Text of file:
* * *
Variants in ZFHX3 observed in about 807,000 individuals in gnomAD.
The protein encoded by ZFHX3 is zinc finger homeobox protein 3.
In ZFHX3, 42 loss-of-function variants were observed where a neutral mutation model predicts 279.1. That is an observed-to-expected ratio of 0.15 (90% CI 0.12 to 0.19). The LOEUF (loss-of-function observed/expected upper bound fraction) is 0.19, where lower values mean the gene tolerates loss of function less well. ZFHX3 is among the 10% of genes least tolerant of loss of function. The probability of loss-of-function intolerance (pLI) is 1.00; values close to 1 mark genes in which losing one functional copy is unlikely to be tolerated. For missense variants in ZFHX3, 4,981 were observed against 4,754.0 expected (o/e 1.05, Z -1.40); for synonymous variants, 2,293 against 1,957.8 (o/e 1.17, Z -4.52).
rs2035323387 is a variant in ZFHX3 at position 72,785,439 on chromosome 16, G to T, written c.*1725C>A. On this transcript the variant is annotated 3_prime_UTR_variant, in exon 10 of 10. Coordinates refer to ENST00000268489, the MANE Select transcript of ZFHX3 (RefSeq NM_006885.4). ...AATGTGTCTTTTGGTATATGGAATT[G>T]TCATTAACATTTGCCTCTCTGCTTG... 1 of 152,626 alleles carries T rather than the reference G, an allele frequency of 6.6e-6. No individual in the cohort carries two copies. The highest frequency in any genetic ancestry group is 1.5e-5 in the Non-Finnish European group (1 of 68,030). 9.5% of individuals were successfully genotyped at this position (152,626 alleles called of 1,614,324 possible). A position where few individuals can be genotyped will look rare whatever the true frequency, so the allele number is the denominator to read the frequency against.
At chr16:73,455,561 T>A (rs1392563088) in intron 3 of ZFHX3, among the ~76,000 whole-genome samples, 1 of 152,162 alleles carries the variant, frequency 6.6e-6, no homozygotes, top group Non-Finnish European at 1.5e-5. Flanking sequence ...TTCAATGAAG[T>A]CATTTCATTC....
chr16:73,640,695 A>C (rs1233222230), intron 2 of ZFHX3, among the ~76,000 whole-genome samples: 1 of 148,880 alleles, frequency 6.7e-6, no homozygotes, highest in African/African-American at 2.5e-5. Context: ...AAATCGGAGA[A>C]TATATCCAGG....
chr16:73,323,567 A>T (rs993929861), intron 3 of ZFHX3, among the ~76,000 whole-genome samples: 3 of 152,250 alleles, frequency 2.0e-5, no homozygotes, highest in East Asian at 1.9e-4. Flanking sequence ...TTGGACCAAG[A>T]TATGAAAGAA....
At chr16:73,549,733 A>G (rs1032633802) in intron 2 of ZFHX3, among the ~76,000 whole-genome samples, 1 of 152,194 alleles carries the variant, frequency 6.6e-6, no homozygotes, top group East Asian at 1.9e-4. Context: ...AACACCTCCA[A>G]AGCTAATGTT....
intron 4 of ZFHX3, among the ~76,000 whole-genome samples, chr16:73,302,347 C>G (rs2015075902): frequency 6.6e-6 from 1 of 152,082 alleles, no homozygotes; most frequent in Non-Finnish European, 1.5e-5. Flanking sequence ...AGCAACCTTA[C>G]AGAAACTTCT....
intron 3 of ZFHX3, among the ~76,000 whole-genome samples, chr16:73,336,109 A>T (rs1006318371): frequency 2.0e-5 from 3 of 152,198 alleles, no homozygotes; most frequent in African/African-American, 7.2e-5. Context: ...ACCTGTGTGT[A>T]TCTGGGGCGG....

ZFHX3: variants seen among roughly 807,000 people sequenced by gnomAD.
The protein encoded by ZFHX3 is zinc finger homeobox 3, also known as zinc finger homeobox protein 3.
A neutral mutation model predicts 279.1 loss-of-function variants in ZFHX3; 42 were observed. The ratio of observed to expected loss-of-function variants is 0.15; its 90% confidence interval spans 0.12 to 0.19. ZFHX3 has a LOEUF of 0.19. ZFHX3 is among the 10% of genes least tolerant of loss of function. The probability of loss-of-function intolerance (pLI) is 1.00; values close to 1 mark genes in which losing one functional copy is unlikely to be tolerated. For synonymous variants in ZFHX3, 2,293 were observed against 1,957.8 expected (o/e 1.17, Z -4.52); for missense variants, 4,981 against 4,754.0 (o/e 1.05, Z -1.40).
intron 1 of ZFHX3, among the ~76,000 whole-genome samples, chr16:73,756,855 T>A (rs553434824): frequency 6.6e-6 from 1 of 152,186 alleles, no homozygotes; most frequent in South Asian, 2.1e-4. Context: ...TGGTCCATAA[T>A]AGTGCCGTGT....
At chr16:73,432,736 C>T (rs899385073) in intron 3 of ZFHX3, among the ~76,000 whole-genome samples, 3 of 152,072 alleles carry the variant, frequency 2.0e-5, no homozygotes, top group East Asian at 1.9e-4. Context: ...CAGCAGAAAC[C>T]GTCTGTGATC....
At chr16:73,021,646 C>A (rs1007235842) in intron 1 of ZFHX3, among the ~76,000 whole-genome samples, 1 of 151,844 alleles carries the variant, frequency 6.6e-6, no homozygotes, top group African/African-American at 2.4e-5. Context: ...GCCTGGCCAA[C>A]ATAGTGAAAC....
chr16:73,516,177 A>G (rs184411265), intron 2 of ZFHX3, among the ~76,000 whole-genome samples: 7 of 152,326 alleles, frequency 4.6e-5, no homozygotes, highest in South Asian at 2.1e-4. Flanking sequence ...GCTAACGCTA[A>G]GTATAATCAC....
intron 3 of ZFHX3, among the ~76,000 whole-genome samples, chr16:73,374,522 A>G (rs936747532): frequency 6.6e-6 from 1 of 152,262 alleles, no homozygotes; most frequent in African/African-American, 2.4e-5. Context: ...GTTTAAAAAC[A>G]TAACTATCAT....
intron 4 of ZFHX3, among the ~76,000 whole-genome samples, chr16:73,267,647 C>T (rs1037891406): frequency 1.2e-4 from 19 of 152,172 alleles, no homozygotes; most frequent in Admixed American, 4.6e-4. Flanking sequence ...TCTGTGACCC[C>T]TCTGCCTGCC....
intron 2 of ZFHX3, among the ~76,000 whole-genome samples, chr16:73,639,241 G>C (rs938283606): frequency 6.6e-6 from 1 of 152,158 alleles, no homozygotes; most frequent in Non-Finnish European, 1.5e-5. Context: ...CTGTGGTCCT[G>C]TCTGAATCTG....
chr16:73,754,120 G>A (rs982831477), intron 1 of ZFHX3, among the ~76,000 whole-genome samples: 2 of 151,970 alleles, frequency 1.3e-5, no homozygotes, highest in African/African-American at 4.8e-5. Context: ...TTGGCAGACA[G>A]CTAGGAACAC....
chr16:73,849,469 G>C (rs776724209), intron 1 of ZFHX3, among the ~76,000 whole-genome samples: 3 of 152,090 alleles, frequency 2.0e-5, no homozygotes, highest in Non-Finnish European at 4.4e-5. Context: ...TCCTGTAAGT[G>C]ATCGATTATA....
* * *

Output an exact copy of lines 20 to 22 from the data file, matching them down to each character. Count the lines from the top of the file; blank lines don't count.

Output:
intron 2 of ZFHX3, among the ~76,000 whole-genome samples, chr16:73,639,241 G>C (rs938283606): frequency 6.6e-6 from 1 of 152,158 alleles, no homozygotes; most frequent in Non-Finnish European, 1.5e-5. Context: ...CTGTGGTCCT[G>C]TCTGAATCTG....
chr16:73,754,120 G>A (rs982831477), intron 1 of ZFHX3, among the ~76,000 whole-genome samples: 2 of 151,970 alleles, frequency 1.3e-5, no homozygotes, highest in African/African-American at 4.8e-5. Context: ...TTGGCAGACA[G>A]CTAGGAACAC....
chr16:73,849,469 G>C (rs776724209), intron 1 of ZFHX3, among the ~76,000 whole-genome samples: 3 of 152,090 alleles, frequency 2.0e-5, no homozygotes, highest in Non-Finnish European at 4.4e-5. Context: ...TCCTGTAAGT[G>C]ATCGATTATA....